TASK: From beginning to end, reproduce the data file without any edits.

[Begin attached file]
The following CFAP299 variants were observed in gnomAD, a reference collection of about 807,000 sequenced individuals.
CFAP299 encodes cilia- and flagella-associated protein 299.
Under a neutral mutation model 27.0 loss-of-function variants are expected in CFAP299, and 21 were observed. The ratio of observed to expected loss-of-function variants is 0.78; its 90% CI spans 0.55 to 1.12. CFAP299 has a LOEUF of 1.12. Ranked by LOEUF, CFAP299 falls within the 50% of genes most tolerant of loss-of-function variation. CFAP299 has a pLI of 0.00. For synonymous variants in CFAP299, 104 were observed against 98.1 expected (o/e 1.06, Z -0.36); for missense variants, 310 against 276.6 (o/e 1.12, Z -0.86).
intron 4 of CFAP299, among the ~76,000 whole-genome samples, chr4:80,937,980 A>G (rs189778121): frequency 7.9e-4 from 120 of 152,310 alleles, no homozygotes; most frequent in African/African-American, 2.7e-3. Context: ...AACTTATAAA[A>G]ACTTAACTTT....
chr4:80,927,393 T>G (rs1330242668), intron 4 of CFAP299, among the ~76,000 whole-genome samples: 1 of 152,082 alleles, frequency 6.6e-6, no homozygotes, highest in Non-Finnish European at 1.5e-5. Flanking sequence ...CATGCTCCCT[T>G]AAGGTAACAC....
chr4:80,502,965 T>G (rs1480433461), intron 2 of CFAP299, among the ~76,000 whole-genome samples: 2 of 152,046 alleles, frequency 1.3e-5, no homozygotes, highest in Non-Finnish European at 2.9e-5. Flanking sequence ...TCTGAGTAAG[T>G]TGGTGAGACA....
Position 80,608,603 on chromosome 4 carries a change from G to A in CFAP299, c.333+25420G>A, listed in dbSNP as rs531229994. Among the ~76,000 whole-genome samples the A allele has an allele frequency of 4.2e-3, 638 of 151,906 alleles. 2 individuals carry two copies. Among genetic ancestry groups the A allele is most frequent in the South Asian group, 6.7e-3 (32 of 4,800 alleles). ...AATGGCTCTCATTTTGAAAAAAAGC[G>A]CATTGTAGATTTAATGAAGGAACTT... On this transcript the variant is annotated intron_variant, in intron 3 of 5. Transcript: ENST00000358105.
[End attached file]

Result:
The following CFAP299 variants were observed in gnomAD, a reference collection of about 807,000 sequenced individuals.
CFAP299 encodes cilia- and flagella-associated protein 299.
Under a neutral mutation model 27.0 loss-of-function variants are expected in CFAP299, and 21 were observed. The ratio of observed to expected loss-of-function variants is 0.78; its 90% CI spans 0.55 to 1.12. CFAP299 has a LOEUF of 1.12. Ranked by LOEUF, CFAP299 falls within the 50% of genes most tolerant of loss-of-function variation. CFAP299 has a pLI of 0.00. For synonymous variants in CFAP299, 104 were observed against 98.1 expected (o/e 1.06, Z -0.36); for missense variants, 310 against 276.6 (o/e 1.12, Z -0.86).
intron 4 of CFAP299, among the ~76,000 whole-genome samples, chr4:80,937,980 A>G (rs189778121): frequency 7.9e-4 from 120 of 152,310 alleles, no homozygotes; most frequent in African/African-American, 2.7e-3. Context: ...AACTTATAAA[A>G]ACTTAACTTT....
chr4:80,927,393 T>G (rs1330242668), intron 4 of CFAP299, among the ~76,000 whole-genome samples: 1 of 152,082 alleles, frequency 6.6e-6, no homozygotes, highest in Non-Finnish European at 1.5e-5. Flanking sequence ...CATGCTCCCT[T>G]AAGGTAACAC....
chr4:80,502,965 T>G (rs1480433461), intron 2 of CFAP299, among the ~76,000 whole-genome samples: 2 of 152,046 alleles, frequency 1.3e-5, no homozygotes, highest in Non-Finnish European at 2.9e-5. Flanking sequence ...TCTGAGTAAG[T>G]TGGTGAGACA....
Position 80,608,603 on chromosome 4 carries a change from G to A in CFAP299, c.333+25420G>A, listed in dbSNP as rs531229994. Among the ~76,000 whole-genome samples the A allele has an allele frequency of 4.2e-3, 638 of 151,906 alleles. 2 individuals carry two copies. Among genetic ancestry groups the A allele is most frequent in the South Asian group, 6.7e-3 (32 of 4,800 alleles). ...AATGGCTCTCATTTTGAAAAAAAGC[G>A]CATTGTAGATTTAATGAAGGAACTT... On this transcript the variant is annotated intron_variant, in intron 3 of 5. Transcript: ENST00000358105.